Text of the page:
We believe crude price volatility has overshadowed positive lower 48 crude oil production trends for the Master Limited Partnership (MLP) asset class and expect that, as crude price volatility begins to ebb, investors may begin to focus on these production trends.

Historically, the correlation between changes in crude oil prices and midstream equities – most of which are organized as MLPs – has been relatively low. However, as crude oil prices began to collapse in September 2014, the correlation between the commodity price and the equities increased.

Between 2011 and September 2014, the correlation of weekly price performance between crude oil and the Alerian MLP Total Return Index (AMZX) averaged approximately 0.40 but increased to 0.64 between September 2014 and March 2016.1 Since March 2016, correlations have returned to historical levels, although with episodes of higher correlation.

What Caused Correlation to Increase?

Notably, at the same time crude prices were falling, crude oil producers were drastically cutting drilling budgets. As a result, the rig count collapsed from a high of over 2,000 to a low of 404, signaling that production was likely to moderate as well.

In fact, crude oil production in the lower 48 states began to moderate approximately six months after crude prices bottomed, hitting a monthly low of below 8 million barrels a day (bbls/d) in October 2016, representing a 13% decline from the peak (Exhibit 1).

Correlation Between Oil Prices and MLPs - Exhibit 1

While the margin earned on certain midstream services is directly affected by commodity pricing, it is much more common that midstream assets earn a set fee, or fee-like margin, for the volume transported or handled. Therefore, this volume decline had an impact on the operating performance of certain midstream companies.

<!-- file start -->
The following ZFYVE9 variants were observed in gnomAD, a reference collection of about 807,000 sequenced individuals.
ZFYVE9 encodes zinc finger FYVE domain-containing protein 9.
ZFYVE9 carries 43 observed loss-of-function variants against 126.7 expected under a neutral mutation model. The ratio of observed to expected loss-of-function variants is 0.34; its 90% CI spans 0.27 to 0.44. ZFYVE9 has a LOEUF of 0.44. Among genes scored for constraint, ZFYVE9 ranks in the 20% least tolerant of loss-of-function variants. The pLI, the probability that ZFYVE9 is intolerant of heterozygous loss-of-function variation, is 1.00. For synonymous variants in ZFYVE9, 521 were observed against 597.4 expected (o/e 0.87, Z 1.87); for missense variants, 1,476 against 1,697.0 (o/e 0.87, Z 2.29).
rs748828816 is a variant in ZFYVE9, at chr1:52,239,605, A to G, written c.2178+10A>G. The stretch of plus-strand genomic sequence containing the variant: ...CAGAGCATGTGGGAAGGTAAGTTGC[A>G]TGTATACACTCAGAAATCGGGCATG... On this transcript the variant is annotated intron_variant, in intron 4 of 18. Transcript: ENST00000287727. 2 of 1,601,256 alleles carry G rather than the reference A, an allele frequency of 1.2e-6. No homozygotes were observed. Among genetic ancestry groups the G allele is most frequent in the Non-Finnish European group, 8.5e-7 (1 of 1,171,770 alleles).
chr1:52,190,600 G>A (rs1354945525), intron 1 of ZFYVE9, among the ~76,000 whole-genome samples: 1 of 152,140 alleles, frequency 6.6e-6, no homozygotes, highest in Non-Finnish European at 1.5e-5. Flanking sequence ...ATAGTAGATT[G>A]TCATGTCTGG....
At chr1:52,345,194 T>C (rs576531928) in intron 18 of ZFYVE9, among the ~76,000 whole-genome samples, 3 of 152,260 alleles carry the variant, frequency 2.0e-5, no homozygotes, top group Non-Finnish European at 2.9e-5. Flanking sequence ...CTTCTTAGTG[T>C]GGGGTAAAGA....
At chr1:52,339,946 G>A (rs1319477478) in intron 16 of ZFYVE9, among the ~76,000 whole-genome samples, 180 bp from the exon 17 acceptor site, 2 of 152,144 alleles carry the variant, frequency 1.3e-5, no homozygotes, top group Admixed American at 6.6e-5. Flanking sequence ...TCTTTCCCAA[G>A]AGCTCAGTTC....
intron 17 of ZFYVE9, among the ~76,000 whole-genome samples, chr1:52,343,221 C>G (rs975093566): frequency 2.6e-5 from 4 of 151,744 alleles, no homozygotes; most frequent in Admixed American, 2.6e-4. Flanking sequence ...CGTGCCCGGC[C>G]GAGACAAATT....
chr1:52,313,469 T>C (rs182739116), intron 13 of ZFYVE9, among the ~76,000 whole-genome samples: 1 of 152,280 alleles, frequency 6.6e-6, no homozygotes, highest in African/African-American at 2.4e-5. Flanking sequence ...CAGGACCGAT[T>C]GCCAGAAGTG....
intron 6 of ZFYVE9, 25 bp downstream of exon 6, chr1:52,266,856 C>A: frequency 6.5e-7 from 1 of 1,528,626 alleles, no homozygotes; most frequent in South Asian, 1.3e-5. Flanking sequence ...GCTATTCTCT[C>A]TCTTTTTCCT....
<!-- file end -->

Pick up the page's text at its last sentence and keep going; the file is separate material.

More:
Further, many midstream operators went from touting robust growth expectations when the rig count was high, to fears of a prolonged period of cash flow contraction due to uncertainty about a rebound in production growth. This reversal of growth expectations clearly contributed to the midstream and MLP equity price correction experienced since September 2014.

Where Are We Now?

Significant improvements in drilling efficiencies and production performance have lowered the crude price required by production companies to profitably drill (Exhibit 2).

Correlation Between Oil Prices and MLPs - Exhibit 2

As a result, since 2016, rig counts and production trends continue to improve even though crude pricing has generally been range-bound between $45 and $55 per barrel. In fact, crude oil production in the lower 48 states is poised to surpass 2015 highs and production growth expectations going forward have improved as well.

We believe this production trajectory should be healthy for midstream operators. Historical patterns appear to bear out this relationship (Exhibit 3).

Correlation Between Oil Prices and MLPs - Exhibit 3

Notably, from 2011 until September 2014, crude pricing was stable, but crude production in the lower 48 states grew steadily and the AMZX delivered healthy total returns. We believe we may be in a similar period. Though recent crude price volatility suggests market anxieties about the direction of oil prices, rig-count data and lower-48 production have been increasing steadily.

Do MLP Valuations Reflect Expected Production Growth?

As production trends have improved, so have midstream growth expectations. In fact, Wells Fargo’s five-year median distribution growth expectation for its midstream coverage has rebounded to 5.4% as of May 31, 2017, from 3.4% at February 29, 2016.2

Despite the improving outlook for volume and distribution growth, midstream companies are trading at historically attractive levels. According to Wells Fargo research, Midstream MLPs are trading at an estimated 2018 price-to-distributable cash flow (DCF) of 10.7x, versus the five-year average of 12.9×.3

We believe recent crude price volatility has overshadowed fundamental improvements for the MLP asset class and expect that as crude price volatility begins to ebb investors may begin to focus on these production trends once again.

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1Source: Bloomberg.

2Source: Wells Fargo Research, as of 6/3/2017.

3Source: Wells Fargo Research, as of 6/3/2017.